Nobody can tell how long it will take, it all depends on your hardware. I certainly would not want to run this on a laptop. You need a machine with lots of RAM and very fast disks to make this efficient. A server probably.
The machine itself is pretty fast. has 16 GB RAM and an 8 core i7 cpu. The disk where I have the files is a 4 disk RAID 5 array connected to the laptop by USB 3. The concern is more that I will probably need to use the laptop for other things. I was hoping it would only take 1-2 days and I could let it run over the weekend and have it all done....
I guess another question is, if I host this basically read-only table (file) on filemaker server, the backup would likely take a really long time. But since the data won't change, I guess I could just keep offline backups and not do server backups on the file. If this is the case, in this case would there really be a reason to go through externalizing the containers?
Having the files internal in the file will force a compleete 800GB backup if you change a comma.
You may get the priize for largest FileMaker file
Just curious ... How long did the original import take ?
Strange, that the transfer to external storage would be so much slower. Perhaps this external disk is the bottleneck
> "RQST_TREE" has about 800 GB of BLOB data spread out across over 1 million records. ODBC import was able to pull all this data into filemaker as container data, and exporting the field contents proves that the original documents are intact and readable
That is a very good point. I do have it configured to use secure storage. I bet the encryption is killing me. I will restart the job with that turned off.
The original import took somewhere between 25-30 hours over Gb network. If I have to do this again, I'll probably set up the field default and storage options after importing a few records. Then I can import the rest with the file already set up to do external storage. That way FM won't have to do a huge file compact to recover all the empty space when it's done either.
I'll keep you posted on the performance of this file, especially as it relates to using 360 works scribe to pull keywords from all the supported container data for searching.
How are you find Scribe's performance? Are you using it with native electronic documents or scanned PDFs with hidden OCR? Is it pulling the text as expected? Missing parts?
Pretty much all the documents I'm working with are native electronic documents (word, excel, powerpoint, pdf, txt and some others) so far the extraction of text content has been pretty good. The problem I've found is with the scripting of doing this for the large amount of documents in the file, and the fact that the data imported don't have the proper document name and extension on the container. Since the column type in SQL was varbinary, there is no name (All files get the name Untitled.dat), but the name and extension are stored in two other columns. I've been able to export the container contents to a temp file with a calculated name, and then read the contents of the calculated doc with Scribe. But I also have the script calling a send event to delete the document when it's done reading it.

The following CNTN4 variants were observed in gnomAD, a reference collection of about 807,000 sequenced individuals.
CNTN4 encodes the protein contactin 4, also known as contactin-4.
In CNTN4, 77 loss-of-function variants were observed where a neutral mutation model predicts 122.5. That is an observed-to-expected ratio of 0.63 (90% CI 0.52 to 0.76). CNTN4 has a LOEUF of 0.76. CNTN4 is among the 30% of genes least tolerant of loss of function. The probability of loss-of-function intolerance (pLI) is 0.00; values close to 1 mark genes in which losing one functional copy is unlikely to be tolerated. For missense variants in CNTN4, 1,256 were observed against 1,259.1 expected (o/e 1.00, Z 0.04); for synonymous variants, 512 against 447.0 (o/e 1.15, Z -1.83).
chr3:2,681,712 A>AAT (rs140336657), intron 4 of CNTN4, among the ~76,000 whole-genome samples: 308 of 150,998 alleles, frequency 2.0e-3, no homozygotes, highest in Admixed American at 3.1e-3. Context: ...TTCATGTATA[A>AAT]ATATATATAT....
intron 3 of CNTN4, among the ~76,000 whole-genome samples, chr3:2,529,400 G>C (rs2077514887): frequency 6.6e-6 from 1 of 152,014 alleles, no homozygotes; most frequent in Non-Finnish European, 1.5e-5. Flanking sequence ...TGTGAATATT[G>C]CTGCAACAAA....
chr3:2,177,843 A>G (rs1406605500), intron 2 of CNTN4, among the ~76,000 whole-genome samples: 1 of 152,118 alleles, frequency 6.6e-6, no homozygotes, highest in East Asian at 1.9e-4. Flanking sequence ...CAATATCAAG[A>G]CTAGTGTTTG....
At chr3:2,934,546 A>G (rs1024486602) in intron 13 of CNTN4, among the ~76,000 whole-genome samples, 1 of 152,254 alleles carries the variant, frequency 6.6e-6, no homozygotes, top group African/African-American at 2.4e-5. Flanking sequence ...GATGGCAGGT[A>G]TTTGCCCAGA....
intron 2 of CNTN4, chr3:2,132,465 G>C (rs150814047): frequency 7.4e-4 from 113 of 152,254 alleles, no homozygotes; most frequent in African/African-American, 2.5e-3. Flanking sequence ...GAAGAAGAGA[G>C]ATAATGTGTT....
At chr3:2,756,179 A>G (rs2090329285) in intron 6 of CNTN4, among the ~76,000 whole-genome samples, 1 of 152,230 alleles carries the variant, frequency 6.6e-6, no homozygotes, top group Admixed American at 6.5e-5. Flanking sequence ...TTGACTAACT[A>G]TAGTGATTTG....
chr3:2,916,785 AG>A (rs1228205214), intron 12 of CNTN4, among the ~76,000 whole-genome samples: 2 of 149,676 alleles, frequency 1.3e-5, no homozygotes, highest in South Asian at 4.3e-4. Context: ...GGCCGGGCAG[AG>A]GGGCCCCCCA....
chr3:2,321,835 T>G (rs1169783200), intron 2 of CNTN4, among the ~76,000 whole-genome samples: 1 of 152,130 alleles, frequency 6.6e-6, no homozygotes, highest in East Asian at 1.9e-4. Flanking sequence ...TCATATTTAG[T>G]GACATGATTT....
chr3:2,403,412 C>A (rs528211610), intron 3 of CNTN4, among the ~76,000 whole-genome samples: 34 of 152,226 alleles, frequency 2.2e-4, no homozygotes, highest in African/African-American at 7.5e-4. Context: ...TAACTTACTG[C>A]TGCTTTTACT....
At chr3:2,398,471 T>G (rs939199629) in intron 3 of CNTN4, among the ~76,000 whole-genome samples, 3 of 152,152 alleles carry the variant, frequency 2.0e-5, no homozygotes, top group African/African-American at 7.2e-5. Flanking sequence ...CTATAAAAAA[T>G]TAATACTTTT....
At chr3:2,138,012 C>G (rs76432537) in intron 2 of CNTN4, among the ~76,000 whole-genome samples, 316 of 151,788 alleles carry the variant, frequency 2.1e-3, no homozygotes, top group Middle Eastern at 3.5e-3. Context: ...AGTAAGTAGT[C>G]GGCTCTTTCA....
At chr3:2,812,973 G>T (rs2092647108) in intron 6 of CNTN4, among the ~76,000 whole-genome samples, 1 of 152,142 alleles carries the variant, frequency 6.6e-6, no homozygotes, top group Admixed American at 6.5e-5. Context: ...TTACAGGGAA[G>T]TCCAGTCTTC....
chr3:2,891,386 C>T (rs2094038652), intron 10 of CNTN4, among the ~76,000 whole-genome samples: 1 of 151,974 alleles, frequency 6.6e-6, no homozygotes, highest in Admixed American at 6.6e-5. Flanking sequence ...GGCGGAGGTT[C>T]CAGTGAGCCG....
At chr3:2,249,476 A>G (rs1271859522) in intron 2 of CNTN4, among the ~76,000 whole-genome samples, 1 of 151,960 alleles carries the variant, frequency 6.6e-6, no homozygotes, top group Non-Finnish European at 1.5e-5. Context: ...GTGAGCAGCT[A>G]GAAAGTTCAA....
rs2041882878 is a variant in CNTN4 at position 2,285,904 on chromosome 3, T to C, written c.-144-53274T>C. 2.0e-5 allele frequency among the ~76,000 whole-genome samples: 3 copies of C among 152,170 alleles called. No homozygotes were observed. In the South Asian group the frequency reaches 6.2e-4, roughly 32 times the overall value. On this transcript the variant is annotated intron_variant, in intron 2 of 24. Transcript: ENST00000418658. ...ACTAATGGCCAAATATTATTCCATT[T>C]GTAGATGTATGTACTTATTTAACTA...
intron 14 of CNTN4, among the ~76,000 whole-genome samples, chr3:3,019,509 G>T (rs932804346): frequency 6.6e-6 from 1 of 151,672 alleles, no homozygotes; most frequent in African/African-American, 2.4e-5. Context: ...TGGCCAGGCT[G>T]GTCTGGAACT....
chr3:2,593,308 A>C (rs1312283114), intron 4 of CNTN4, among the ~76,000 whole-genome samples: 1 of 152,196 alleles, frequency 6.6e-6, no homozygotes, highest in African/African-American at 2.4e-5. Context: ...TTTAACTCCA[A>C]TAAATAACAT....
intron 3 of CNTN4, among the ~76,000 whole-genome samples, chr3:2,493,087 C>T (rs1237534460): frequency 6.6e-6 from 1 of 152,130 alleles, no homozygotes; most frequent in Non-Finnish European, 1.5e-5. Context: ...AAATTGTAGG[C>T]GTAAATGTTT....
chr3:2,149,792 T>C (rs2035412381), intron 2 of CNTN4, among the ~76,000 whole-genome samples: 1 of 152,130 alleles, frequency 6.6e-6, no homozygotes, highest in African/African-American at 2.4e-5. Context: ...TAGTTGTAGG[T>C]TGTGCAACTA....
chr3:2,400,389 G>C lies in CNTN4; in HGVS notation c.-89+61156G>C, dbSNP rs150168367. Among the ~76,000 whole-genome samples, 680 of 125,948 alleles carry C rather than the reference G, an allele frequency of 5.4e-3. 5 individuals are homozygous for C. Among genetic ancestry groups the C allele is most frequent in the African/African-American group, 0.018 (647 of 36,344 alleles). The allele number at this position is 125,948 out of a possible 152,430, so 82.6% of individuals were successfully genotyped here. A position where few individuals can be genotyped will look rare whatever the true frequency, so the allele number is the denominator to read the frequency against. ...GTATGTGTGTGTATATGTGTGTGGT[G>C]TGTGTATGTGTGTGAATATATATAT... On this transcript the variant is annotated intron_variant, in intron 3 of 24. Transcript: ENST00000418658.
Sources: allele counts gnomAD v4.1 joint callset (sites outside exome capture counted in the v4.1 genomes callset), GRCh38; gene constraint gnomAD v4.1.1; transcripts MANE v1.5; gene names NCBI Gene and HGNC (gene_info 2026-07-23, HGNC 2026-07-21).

The problem is that document deletion calls a new process on every loop iteration, and it sometimes gets behind. This has caused the export to fail, since there can be filenames with different record IDs that have the same filename. (I should probably concatenate the record Uid into the filename to make it unique) This or some other issue with calling so many external events caused filemaker to hang during the extraction. And the consistency check on a 800 GB file takes a LONG time.
I've also checked out using Scriptmaster to rename the filename within the container, and that works, but it doesn't really just rename it, rather it streams the binary data from the container and puts the stream back in the original field with a new name. This will slow down the process as well.
I figure the best approach is still externalizing the container data, so at least it will be a bit easier to recover if I do something that causes the indexing job to crash.
Secure storage is actually the faster option for this process. The "encryption" is not of the container data, but of the storage structure naming conventions. "Secure" also protects against the OS problems encountered if you try to save thousands of files into the same OS-level directory, which can grind this process to a halt even with just a few thousand records. Stay "secure."
It seems the data is encrypted by default
e.g. "Alternatively, you can choose to keep the data in its native format through open storage"
The help article is here:
> The "encryption" is not of the container data, but of the storage structure